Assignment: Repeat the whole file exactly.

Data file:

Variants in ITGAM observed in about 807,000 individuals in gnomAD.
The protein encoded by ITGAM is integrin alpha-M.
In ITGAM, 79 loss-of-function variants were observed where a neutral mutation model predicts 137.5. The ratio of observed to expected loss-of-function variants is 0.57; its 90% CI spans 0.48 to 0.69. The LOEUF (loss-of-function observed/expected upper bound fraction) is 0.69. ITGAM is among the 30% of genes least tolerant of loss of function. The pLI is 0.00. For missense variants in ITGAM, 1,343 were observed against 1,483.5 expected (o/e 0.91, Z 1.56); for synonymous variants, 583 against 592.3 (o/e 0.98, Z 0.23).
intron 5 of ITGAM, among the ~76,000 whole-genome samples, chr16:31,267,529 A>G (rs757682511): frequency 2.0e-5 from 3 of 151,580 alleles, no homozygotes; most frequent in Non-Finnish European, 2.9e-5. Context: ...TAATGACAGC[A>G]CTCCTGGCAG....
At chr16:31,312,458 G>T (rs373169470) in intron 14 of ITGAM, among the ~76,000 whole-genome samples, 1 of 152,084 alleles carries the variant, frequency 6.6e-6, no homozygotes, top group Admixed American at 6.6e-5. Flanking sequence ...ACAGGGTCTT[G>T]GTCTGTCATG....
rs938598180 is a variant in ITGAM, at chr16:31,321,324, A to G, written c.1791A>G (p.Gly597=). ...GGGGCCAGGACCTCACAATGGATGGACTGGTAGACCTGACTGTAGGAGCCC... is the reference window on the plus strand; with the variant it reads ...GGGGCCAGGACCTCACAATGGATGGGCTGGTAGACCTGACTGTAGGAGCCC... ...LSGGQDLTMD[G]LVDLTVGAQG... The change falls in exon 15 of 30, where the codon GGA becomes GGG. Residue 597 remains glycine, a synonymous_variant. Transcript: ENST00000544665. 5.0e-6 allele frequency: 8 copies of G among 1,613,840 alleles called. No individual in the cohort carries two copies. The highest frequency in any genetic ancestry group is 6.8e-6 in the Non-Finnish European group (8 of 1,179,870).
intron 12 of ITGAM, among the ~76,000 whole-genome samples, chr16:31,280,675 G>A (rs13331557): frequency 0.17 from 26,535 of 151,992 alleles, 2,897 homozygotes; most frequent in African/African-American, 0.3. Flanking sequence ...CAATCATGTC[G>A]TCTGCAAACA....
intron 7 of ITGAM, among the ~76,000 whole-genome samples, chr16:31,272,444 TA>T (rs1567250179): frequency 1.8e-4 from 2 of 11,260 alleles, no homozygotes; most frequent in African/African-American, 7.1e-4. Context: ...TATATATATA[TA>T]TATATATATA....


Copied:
Variants in ITGAM observed in about 807,000 individuals in gnomAD.
The protein encoded by ITGAM is integrin alpha-M.
In ITGAM, 79 loss-of-function variants were observed where a neutral mutation model predicts 137.5. The ratio of observed to expected loss-of-function variants is 0.57; its 90% CI spans 0.48 to 0.69. The LOEUF (loss-of-function observed/expected upper bound fraction) is 0.69. ITGAM is among the 30% of genes least tolerant of loss of function. The pLI is 0.00. For missense variants in ITGAM, 1,343 were observed against 1,483.5 expected (o/e 0.91, Z 1.56); for synonymous variants, 583 against 592.3 (o/e 0.98, Z 0.23).
intron 5 of ITGAM, among the ~76,000 whole-genome samples, chr16:31,267,529 A>G (rs757682511): frequency 2.0e-5 from 3 of 151,580 alleles, no homozygotes; most frequent in Non-Finnish European, 2.9e-5. Context: ...TAATGACAGC[A>G]CTCCTGGCAG....
At chr16:31,312,458 G>T (rs373169470) in intron 14 of ITGAM, among the ~76,000 whole-genome samples, 1 of 152,084 alleles carries the variant, frequency 6.6e-6, no homozygotes, top group Admixed American at 6.6e-5. Flanking sequence ...ACAGGGTCTT[G>T]GTCTGTCATG....
rs938598180 is a variant in ITGAM, at chr16:31,321,324, A to G, written c.1791A>G (p.Gly597=). ...GGGGCCAGGACCTCACAATGGATGGACTGGTAGACCTGACTGTAGGAGCCC... is the reference window on the plus strand; with the variant it reads ...GGGGCCAGGACCTCACAATGGATGGGCTGGTAGACCTGACTGTAGGAGCCC... ...LSGGQDLTMD[G]LVDLTVGAQG... The change falls in exon 15 of 30, where the codon GGA becomes GGG. Residue 597 remains glycine, a synonymous_variant. Transcript: ENST00000544665. 5.0e-6 allele frequency: 8 copies of G among 1,613,840 alleles called. No individual in the cohort carries two copies. The highest frequency in any genetic ancestry group is 6.8e-6 in the Non-Finnish European group (8 of 1,179,870).
intron 12 of ITGAM, among the ~76,000 whole-genome samples, chr16:31,280,675 G>A (rs13331557): frequency 0.17 from 26,535 of 151,992 alleles, 2,897 homozygotes; most frequent in African/African-American, 0.3. Flanking sequence ...CAATCATGTC[G>A]TCTGCAAACA....
intron 7 of ITGAM, among the ~76,000 whole-genome samples, chr16:31,272,444 TA>T (rs1567250179): frequency 1.8e-4 from 2 of 11,260 alleles, no homozygotes; most frequent in African/African-American, 7.1e-4. Context: ...TATATATATA[TA>T]TATATATATA....